Saturday, December 17, 2011
Sunday, November 13, 2011
So maybe some snippets will do for now because I feel the need to get something out, even if they're slightly old ponderings/thoughts/jots. And I write them here, as opposed to my "writing blog," because I feel this space has become empty with my infrequent writing. None of these words are particularly profound. Just ideas and words that perhaps I'll come back to one day and craft into something more. But for now, they are what they are.
If you miss yourself it's either because you've gone too far or haven't come far enough. You haven't arrived at yourself. you're out of synch. Out of tune. Out. Out and out.
if I had rocks in my shoes
my heavy boots
I could walk to the bottom of the ocean
my chest would explode
but I wouldn't mind
because maybe I'd feel right at home
a bed half covered in books.
where is one to sleep?
How does one remember to always remember to remember and remember?
Remember the "bigger picture."
when we meet at Jesus' feet
pilgrims on their knees
go and go
and go and
go and go
to the end.
you kneel in a heap
it takes all you have to raise your head
from your prostrate position
yes, you made it
come into my rest.
Thursday, November 3, 2011
It's true, my world very much revolves around this wee one. I love how much time I get to spend with him. He has always been fun, but of late, it seems even more so. He makes the silliest faces and is still such a lovebug--now a bug giving very slobbery kisses.
Wednesday, November 2, 2011
I was born to Shari Clark and Grant Paul Skabelund on a snowy evening (1 December 1982). We lived in Leland and then in Springville before moving to Provo when I began first grade. My memories through kindergarten are few, but I remember visiting Gramma Skabelund's often to play with my aunt Sierra, who, at only eight months my senior, was and continues to be my best friend. My brother Andrew joined our family in May 1985. I remember helping Dad with the garden at our house across the street from Grant school where I attended kindergarten.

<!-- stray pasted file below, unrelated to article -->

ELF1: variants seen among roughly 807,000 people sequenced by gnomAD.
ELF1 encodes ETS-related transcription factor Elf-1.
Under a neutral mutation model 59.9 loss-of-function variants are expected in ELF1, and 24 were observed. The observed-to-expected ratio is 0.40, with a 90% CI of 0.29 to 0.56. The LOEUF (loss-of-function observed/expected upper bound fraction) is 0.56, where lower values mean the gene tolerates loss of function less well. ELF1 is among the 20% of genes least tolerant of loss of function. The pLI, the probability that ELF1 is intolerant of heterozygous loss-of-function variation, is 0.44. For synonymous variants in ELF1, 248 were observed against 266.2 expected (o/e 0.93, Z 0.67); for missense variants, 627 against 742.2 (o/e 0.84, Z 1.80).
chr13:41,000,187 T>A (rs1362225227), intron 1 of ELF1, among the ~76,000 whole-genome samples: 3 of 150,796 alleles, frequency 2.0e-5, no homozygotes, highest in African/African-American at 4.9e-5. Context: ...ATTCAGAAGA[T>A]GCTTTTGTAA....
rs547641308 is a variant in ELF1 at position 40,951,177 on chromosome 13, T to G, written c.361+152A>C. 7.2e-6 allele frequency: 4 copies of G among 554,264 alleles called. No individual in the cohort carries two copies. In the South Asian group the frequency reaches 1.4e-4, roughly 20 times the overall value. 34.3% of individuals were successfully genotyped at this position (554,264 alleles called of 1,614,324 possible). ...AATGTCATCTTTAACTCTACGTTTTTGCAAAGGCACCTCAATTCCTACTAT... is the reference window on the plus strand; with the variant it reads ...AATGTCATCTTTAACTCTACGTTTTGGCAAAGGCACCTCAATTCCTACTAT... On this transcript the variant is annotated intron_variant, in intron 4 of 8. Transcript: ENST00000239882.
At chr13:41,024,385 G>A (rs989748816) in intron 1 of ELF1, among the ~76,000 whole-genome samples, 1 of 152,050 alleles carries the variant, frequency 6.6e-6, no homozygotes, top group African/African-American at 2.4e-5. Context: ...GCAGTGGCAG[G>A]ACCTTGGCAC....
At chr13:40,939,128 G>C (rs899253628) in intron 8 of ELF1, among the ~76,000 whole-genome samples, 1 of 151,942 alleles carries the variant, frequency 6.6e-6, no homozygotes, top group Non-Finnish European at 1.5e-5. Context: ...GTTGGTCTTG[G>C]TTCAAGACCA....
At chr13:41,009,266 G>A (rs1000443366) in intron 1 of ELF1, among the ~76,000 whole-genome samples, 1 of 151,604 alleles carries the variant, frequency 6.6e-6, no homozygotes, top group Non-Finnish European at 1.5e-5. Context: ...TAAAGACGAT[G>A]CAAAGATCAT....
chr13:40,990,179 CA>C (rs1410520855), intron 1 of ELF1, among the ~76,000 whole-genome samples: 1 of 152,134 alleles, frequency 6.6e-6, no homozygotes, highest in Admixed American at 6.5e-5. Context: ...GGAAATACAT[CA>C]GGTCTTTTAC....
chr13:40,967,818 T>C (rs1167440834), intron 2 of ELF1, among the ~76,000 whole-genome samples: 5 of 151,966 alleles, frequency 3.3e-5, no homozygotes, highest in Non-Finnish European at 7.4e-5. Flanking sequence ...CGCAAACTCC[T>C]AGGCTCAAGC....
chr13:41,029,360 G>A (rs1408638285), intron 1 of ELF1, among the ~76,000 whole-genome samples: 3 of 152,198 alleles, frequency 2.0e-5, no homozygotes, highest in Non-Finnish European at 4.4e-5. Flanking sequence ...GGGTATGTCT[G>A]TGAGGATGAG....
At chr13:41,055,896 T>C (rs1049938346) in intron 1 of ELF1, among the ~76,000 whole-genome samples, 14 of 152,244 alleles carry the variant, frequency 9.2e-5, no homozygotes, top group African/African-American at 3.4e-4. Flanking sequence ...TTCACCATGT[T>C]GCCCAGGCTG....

More memories accumulated when we resided in our house on 900 East in Provo. My brother and I would walk down the street to the "cookie man's" house. He always had cookies in stock for all the neighborhood kids. Summers were full of trampoline jumping, bike riding, mud pie making, and storming the neighborhood. It was during one summer (1990) that our sweet sister Natalya joined our family. She was the cutest; at eight years old, I felt like a very big and good helper to my mom. I loved to read, swim, and play soccer. My mom read to us often and instilled within us a love of books. I attended Wasatch Elementary and remember riding my bike to school. I preferred playing with the boys over the girls; I would join them in kickball and basketball. I often was picked first for teams in kickball and was always happy about that.
We moved to the Edgemont area when I was in fourth or fifth grade. My parents bought a house along with a huge yard they planned to build a new house on. I loved our gigantic yard. We had loads of trees, many of them fruit trees. It was fun to have so much room to roam, but I despised the chores that came along with it. We had to pick up all the apricots and apples that fell to the ground. My brother and I played well together, but often got into fights. It wasn't until we were young teens that we became friends more than foes.